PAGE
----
Speaking Fluent Spirit

I spent a life-giving two weeks in the desert outside of Tucson studying to become a certified spiritual director at the Hesychia School For Spiritual Direction at the Redemptorist Renewal Center. Spiritual Direction is an ancient practice of companioning another person in their spiritual search and practice. One of the questions we ask a lot in spiritual direction is, “Where is God in all of this?”

Spiritual Direction is a different modality from therapy, which presumes a problem, issue, pathology or struggle to work through. SD is also different from pastoral counseling, which often involves advice-giving and religious guidance. Spiritual Direction is a practice of active listening where the director essentially holds a space for the directee to explore how the spirit is moving in their lives (or maybe not moving — and the directee wants to dedicate time to wonder about that, to question it, or to investigate their beliefs with a supportive person).  A spiritual director will not think you are having a nervous breakdown or psychotic break if you have a mystical experience. They might wind up referring you to a psychiatrist, but they will not react negatively or suspiciously at the outset of a report of hearing voices or seeing a vision or having a prophetic dream or other such phenomena that can trouble the modern soul and society.

For me, the beauty in Spiritual Direction is its foundational claim that God/Spirit/Higher Consciousness is real, that it can be trusted, and that dedicating a portion of our lives to pursuing time with it is a worthy and important endeavor. God is real. There is another dimension to our reality than what we can see and touch, and there’s a lot of meaning to be found there.

There were about twenty-five of us in the program, from all over the country and a wide selection of religious traditions, and we became a tight team. It was the most joyous imaginable thing to spend all day with a group of people who speak fluent Spirit! We were Catholic priests, Protestant pastors and ministers, Jewish chant musicians, lay people, Southern Baptist consultants, Unitarian Universalists, nuns, etc. — and what we shared in common was a belief that creation is holy, that people’s stories are sacred, that those in religious leadership must  protect the community’s spiritual mission from the the capitalist cult of production and busy-ness, and a passionate desire to connect to the divine on a regular basis.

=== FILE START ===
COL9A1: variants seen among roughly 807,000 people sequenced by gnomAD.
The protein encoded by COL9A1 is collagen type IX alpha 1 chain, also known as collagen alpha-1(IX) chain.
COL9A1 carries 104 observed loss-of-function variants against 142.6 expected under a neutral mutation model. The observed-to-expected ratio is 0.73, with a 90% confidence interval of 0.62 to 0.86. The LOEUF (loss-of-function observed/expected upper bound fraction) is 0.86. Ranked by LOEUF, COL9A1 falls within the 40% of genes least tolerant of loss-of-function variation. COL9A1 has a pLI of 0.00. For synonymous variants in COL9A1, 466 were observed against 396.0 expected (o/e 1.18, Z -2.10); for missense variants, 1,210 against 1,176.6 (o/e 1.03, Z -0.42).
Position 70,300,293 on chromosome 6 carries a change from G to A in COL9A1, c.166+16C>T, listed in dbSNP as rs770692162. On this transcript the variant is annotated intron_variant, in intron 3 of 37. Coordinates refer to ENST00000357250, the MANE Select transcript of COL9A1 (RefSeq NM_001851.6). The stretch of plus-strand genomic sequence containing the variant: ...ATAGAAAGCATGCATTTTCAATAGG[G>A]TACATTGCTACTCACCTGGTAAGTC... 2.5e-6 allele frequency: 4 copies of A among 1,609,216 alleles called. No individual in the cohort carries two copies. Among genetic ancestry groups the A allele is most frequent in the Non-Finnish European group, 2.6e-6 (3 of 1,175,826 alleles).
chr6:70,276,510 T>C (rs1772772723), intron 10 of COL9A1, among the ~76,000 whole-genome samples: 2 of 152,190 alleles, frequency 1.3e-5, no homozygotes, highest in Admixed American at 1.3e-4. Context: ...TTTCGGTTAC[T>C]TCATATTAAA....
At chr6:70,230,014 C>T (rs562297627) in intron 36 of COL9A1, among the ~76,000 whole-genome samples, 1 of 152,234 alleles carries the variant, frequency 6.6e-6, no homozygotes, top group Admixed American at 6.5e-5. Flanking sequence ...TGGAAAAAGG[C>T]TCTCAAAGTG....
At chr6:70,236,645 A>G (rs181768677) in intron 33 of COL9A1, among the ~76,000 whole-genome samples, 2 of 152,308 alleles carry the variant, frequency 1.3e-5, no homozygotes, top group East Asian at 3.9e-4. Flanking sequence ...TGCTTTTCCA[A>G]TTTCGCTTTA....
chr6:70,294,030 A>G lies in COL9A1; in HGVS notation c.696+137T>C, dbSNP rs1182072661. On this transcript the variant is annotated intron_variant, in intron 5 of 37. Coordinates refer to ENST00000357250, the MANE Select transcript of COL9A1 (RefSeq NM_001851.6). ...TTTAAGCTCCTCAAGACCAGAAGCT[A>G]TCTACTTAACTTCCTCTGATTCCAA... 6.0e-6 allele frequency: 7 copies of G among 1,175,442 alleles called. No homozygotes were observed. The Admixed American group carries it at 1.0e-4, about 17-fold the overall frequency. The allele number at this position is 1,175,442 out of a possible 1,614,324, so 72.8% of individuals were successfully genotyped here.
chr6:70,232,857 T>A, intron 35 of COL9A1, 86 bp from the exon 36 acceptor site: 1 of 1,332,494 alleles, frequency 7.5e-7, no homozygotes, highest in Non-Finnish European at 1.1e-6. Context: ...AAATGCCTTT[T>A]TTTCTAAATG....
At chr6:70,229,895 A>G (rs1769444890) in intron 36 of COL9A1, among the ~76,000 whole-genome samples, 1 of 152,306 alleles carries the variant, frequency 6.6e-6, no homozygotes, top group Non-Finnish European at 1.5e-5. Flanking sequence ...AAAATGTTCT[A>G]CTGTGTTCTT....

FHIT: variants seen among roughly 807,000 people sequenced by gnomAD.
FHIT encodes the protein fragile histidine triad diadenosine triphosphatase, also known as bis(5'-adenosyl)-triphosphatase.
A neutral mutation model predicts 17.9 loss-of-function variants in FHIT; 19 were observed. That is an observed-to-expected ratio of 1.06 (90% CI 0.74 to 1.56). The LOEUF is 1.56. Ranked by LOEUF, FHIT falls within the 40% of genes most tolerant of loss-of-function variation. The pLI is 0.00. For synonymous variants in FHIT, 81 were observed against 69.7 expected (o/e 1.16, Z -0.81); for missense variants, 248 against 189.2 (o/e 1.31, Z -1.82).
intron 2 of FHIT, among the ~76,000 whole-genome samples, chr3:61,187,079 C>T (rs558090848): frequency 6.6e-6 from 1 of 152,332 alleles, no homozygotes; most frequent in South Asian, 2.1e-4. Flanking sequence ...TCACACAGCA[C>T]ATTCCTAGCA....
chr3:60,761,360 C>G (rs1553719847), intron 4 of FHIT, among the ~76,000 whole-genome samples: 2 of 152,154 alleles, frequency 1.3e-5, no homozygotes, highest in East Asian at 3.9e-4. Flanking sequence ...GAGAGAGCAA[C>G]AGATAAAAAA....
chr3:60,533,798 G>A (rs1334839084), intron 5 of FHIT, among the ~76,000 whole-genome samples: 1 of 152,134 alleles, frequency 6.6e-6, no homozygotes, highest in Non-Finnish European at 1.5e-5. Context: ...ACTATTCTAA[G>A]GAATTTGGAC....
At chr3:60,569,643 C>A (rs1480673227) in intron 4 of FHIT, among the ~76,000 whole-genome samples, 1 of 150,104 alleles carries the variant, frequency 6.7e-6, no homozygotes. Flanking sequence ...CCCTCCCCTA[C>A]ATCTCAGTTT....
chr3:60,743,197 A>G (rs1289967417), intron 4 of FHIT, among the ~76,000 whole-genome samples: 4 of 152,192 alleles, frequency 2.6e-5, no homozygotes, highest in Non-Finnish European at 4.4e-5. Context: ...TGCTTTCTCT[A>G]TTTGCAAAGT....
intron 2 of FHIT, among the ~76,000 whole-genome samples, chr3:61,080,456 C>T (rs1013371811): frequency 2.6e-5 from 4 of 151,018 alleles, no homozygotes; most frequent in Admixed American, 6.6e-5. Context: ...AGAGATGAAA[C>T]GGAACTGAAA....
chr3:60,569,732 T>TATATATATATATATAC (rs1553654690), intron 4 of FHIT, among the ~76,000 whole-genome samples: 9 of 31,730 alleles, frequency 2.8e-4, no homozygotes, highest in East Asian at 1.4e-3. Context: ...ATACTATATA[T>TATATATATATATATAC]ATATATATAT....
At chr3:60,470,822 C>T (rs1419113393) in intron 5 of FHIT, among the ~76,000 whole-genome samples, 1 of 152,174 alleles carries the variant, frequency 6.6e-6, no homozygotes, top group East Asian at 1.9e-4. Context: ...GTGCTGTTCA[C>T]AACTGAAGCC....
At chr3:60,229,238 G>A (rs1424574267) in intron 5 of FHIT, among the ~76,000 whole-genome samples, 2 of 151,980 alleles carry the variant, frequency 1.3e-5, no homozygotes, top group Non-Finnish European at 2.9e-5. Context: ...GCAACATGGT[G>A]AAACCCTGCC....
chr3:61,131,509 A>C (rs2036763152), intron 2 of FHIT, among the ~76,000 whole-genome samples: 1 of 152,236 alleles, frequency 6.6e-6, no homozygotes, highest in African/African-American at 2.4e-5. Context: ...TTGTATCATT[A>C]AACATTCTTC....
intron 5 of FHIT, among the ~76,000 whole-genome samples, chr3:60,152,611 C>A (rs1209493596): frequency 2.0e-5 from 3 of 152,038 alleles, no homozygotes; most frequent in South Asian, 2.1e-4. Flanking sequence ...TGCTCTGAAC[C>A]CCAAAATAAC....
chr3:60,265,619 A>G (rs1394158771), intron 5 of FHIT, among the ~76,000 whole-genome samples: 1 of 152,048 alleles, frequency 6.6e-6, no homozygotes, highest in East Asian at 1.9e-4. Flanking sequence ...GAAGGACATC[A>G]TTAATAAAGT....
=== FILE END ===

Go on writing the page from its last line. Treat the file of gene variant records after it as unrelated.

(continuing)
Got a little rainbow for you.

There are lots of different methods of spiritual direction (many directors use the Ignatian Exercises, for example), but  I am being trained in the non-directive, or evocative method.  We started doing practicums in the second week of our intensive, and I found that I loved sitting in silence with my practice directee. I loved the silence so much that I was gently critiqued for leaving the directee feeling a bit vulnerable or emotionally abandoned after they had shared something deep. It’s a hard practice! Where I am tempted to jump in and actively enter into conversation, I know that is not my role. When I settle comfortably into the more contemplative listening mode, I can settle in there too deeply! Earth to Vicki.

But I loved it. The desert filled my well. I hate to be corny with the desert metaphors but having read a lot of the desert mothers and fathers, I was excited about studying spiritual direction in the environment they lived in all those centuries ago when they withdrew from Christian life in the city. I think it’s hilarious that as far back as the 4th century people were already like, “Ech, the Church is so corrupt.”

I mostly expressed my sense of reverence and awe in response to the desert landscape by walking around and saying things like, “Oh my God, what ARE you?” and “Holy s*%$, what even IS this?”

ouch! but yet …flowers

These darlings will literally attack you if you brush up against them. I saw hikers in Joshua Tree National Park yanking the spikes out of their arms and heels with pliers. Blood everywhere. The desert does not mess around!